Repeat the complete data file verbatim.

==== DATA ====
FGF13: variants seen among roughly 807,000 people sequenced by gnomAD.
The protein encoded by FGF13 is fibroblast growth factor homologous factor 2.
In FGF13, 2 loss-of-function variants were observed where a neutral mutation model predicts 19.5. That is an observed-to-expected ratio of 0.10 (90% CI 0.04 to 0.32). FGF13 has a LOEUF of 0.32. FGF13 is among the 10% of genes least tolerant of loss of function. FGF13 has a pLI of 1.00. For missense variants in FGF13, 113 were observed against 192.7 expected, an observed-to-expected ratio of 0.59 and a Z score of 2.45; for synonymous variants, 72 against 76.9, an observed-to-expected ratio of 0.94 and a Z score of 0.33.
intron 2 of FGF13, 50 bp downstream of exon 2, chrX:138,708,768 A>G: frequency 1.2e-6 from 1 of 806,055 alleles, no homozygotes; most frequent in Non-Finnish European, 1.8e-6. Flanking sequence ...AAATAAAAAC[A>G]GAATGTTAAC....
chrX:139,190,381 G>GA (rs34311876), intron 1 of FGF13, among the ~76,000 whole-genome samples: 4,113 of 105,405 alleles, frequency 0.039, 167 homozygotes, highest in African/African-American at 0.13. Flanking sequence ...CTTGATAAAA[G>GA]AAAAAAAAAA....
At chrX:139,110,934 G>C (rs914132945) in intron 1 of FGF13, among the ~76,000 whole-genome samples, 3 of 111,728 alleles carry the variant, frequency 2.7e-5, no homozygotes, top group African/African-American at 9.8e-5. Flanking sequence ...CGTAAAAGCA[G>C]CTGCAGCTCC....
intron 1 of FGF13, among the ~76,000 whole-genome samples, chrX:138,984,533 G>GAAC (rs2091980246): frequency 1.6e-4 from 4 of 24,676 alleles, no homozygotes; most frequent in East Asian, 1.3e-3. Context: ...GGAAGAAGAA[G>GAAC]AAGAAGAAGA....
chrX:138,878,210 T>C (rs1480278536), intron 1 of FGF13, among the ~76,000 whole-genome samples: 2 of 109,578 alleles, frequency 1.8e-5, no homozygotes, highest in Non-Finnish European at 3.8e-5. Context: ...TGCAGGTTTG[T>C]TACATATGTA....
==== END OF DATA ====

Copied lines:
FGF13: variants seen among roughly 807,000 people sequenced by gnomAD.
The protein encoded by FGF13 is fibroblast growth factor homologous factor 2.
In FGF13, 2 loss-of-function variants were observed where a neutral mutation model predicts 19.5. That is an observed-to-expected ratio of 0.10 (90% CI 0.04 to 0.32). FGF13 has a LOEUF of 0.32. FGF13 is among the 10% of genes least tolerant of loss of function. FGF13 has a pLI of 1.00. For missense variants in FGF13, 113 were observed against 192.7 expected, an observed-to-expected ratio of 0.59 and a Z score of 2.45; for synonymous variants, 72 against 76.9, an observed-to-expected ratio of 0.94 and a Z score of 0.33.
intron 2 of FGF13, 50 bp downstream of exon 2, chrX:138,708,768 A>G: frequency 1.2e-6 from 1 of 806,055 alleles, no homozygotes; most frequent in Non-Finnish European, 1.8e-6. Flanking sequence ...AAATAAAAAC[A>G]GAATGTTAAC....
chrX:139,190,381 G>GA (rs34311876), intron 1 of FGF13, among the ~76,000 whole-genome samples: 4,113 of 105,405 alleles, frequency 0.039, 167 homozygotes, highest in African/African-American at 0.13. Flanking sequence ...CTTGATAAAA[G>GA]AAAAAAAAAA....
At chrX:139,110,934 G>C (rs914132945) in intron 1 of FGF13, among the ~76,000 whole-genome samples, 3 of 111,728 alleles carry the variant, frequency 2.7e-5, no homozygotes, top group African/African-American at 9.8e-5. Flanking sequence ...CGTAAAAGCA[G>C]CTGCAGCTCC....
intron 1 of FGF13, among the ~76,000 whole-genome samples, chrX:138,984,533 G>GAAC (rs2091980246): frequency 1.6e-4 from 4 of 24,676 alleles, no homozygotes; most frequent in East Asian, 1.3e-3. Context: ...GGAAGAAGAA[G>GAAC]AAGAAGAAGA....
chrX:138,878,210 T>C (rs1480278536), intron 1 of FGF13, among the ~76,000 whole-genome samples: 2 of 109,578 alleles, frequency 1.8e-5, no homozygotes, highest in Non-Finnish European at 3.8e-5. Context: ...TGCAGGTTTG[T>C]TACATATGTA....